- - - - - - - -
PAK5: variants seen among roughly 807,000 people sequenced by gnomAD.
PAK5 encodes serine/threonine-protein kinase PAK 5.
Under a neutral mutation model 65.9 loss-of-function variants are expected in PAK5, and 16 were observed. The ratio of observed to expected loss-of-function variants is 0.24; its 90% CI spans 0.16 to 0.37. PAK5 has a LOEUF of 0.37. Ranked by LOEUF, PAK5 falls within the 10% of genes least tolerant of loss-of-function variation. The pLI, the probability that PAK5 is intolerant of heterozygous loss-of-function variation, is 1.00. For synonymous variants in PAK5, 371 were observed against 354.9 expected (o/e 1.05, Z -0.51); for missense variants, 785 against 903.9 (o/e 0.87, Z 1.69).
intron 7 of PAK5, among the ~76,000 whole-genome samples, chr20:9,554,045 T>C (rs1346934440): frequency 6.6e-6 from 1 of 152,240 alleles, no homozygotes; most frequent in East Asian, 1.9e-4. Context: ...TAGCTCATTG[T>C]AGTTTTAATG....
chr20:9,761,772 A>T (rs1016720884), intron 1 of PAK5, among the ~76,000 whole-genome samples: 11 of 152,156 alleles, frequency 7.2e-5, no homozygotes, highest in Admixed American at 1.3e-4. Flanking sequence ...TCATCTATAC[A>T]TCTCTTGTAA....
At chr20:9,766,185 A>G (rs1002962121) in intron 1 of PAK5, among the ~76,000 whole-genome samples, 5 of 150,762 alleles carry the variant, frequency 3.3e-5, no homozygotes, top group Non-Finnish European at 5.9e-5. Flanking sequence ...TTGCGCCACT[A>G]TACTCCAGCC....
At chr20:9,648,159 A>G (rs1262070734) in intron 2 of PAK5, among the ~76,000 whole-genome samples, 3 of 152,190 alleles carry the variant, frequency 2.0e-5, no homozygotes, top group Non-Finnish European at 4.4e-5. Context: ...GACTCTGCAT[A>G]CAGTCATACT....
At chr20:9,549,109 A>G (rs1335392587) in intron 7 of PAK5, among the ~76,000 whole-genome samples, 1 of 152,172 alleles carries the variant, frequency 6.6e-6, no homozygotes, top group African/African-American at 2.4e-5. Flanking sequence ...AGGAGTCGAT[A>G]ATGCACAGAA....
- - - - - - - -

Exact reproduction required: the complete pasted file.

PAK5: variants seen among roughly 807,000 people sequenced by gnomAD.
PAK5 encodes serine/threonine-protein kinase PAK 5.
Under a neutral mutation model 65.9 loss-of-function variants are expected in PAK5, and 16 were observed. The ratio of observed to expected loss-of-function variants is 0.24; its 90% CI spans 0.16 to 0.37. PAK5 has a LOEUF of 0.37. Ranked by LOEUF, PAK5 falls within the 10% of genes least tolerant of loss-of-function variation. The pLI, the probability that PAK5 is intolerant of heterozygous loss-of-function variation, is 1.00. For synonymous variants in PAK5, 371 were observed against 354.9 expected (o/e 1.05, Z -0.51); for missense variants, 785 against 903.9 (o/e 0.87, Z 1.69).
intron 7 of PAK5, among the ~76,000 whole-genome samples, chr20:9,554,045 T>C (rs1346934440): frequency 6.6e-6 from 1 of 152,240 alleles, no homozygotes; most frequent in East Asian, 1.9e-4. Context: ...TAGCTCATTG[T>C]AGTTTTAATG....
chr20:9,761,772 A>T (rs1016720884), intron 1 of PAK5, among the ~76,000 whole-genome samples: 11 of 152,156 alleles, frequency 7.2e-5, no homozygotes, highest in Admixed American at 1.3e-4. Flanking sequence ...TCATCTATAC[A>T]TCTCTTGTAA....
At chr20:9,766,185 A>G (rs1002962121) in intron 1 of PAK5, among the ~76,000 whole-genome samples, 5 of 150,762 alleles carry the variant, frequency 3.3e-5, no homozygotes, top group Non-Finnish European at 5.9e-5. Flanking sequence ...TTGCGCCACT[A>G]TACTCCAGCC....
At chr20:9,648,159 A>G (rs1262070734) in intron 2 of PAK5, among the ~76,000 whole-genome samples, 3 of 152,190 alleles carry the variant, frequency 2.0e-5, no homozygotes, top group Non-Finnish European at 4.4e-5. Context: ...GACTCTGCAT[A>G]CAGTCATACT....
At chr20:9,549,109 A>G (rs1335392587) in intron 7 of PAK5, among the ~76,000 whole-genome samples, 1 of 152,172 alleles carries the variant, frequency 6.6e-6, no homozygotes, top group African/African-American at 2.4e-5. Flanking sequence ...AGGAGTCGAT[A>G]ATGCACAGAA....